The connection from competition to exclusion is pretty clear; it’s the elephant in the room. We’ve all heard the infamous statistics: on average, men have more muscle mass than women, which is conducive to increased athletic performance, et cetera et cetera. In spite of this, I’ve seen girls outcompete boys in co-ed sports countless times. Every “rule” has exceptions, and it’s frustrating when people reject this reality in favor of broader generalizations.
I’m not suggesting sexist intentions. I don’t think high schoolers wake up in the morning thinking about how to best exclude the females in their gym class that day. I genuinely believe that people take the class to have fun, and for many, fun is achieved through winning. Thus, because of the sweeping statements I’ve laid out above, girls end up pushed to the side, and that’s a bad thing.
Seeing people for the general characteristics of their “group” rather than their characteristics as individuals causes far more harm than good; it’s a root cause of countless forms of discrimination. It conditions girls to think that because females as a whole may be less athletically inclined, they themselves cannot be athletically inclined. And for those like me who luckily already have a foundation of confidence in their own abilities, it’s just flat-out frustrating.
I define myself as an athlete. I’ve played on a wide range of competitive teams. I trust my own abilities, which is pretty much the only reason that I continued to put effort into my Lifetime Sports class at all. In fact, in small-group situations where my teammates had little choice but to involve me in gameplay, they learned to trust me too. They realized that I could out-run and out-catch a lot of the people in our class, gender aside, despite of what I looked like. Still, the amount of effort and patience it took to get to that point could be infuriating and disheartening at times.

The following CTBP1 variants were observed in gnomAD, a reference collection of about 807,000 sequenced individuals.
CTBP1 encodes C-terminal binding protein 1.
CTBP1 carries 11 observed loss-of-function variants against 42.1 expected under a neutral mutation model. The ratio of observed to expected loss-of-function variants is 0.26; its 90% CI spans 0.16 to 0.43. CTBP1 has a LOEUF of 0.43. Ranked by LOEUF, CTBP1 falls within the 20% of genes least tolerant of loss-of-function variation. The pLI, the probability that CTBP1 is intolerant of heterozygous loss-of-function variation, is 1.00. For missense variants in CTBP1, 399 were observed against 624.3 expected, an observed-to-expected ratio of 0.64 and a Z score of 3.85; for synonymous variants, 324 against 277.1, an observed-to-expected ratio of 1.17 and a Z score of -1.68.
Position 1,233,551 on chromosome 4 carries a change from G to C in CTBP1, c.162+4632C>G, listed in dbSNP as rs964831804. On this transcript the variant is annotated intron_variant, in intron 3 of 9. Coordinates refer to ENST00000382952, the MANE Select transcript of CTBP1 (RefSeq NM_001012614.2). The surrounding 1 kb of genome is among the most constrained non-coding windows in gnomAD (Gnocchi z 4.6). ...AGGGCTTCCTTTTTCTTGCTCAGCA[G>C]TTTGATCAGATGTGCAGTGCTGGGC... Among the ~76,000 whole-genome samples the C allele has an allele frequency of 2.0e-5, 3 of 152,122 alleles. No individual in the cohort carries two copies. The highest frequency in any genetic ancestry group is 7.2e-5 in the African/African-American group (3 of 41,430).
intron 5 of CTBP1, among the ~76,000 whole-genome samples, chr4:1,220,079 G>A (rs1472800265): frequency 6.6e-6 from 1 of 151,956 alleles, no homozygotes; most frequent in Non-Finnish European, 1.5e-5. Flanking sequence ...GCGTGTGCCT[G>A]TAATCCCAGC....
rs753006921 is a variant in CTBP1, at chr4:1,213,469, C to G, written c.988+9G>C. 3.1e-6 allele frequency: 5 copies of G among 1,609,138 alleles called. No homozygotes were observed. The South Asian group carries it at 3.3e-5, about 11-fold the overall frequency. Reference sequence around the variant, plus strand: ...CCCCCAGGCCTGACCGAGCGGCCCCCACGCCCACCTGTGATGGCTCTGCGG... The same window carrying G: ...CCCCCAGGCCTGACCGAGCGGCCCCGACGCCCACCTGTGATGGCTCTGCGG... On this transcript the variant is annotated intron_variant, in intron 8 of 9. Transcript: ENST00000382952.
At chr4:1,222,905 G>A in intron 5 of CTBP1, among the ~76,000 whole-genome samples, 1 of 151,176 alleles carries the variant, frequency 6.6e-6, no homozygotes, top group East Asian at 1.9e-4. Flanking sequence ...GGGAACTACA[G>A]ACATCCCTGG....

I’m not rejecting physical differences between genders, nor am I labeling anyone as a bad person for wanting to win. I’m certainly not calling anyone in my class out in particular (if you’re reading, hi guys) because again, I don’t think this is a problem with individual intentions of sexism. However, unstructured, mob-rule classes like Lifetime Sports can, in certain conditions, lead to mass exclusion of certain types of people — even if that exclusion is totally unrelated to those individuals.
I’ll leave you with this. To girls: don’t shy away from getting involved. Just because it’s tempting to stop trying doesn’t mean you should. It’s worth it to put in that extra effort to gain the trust of your peers (even though in a perfect world you wouldn’t have to). To everyone else: don’t make judgements about who’s a good player without giving them the chance to make a good play. Any athlete knows that getting sidelined unfairly hurts; don’t do it to anyone else. Let your teammates define their own success, don’t try to do it yourself. Chances are they might surprise you.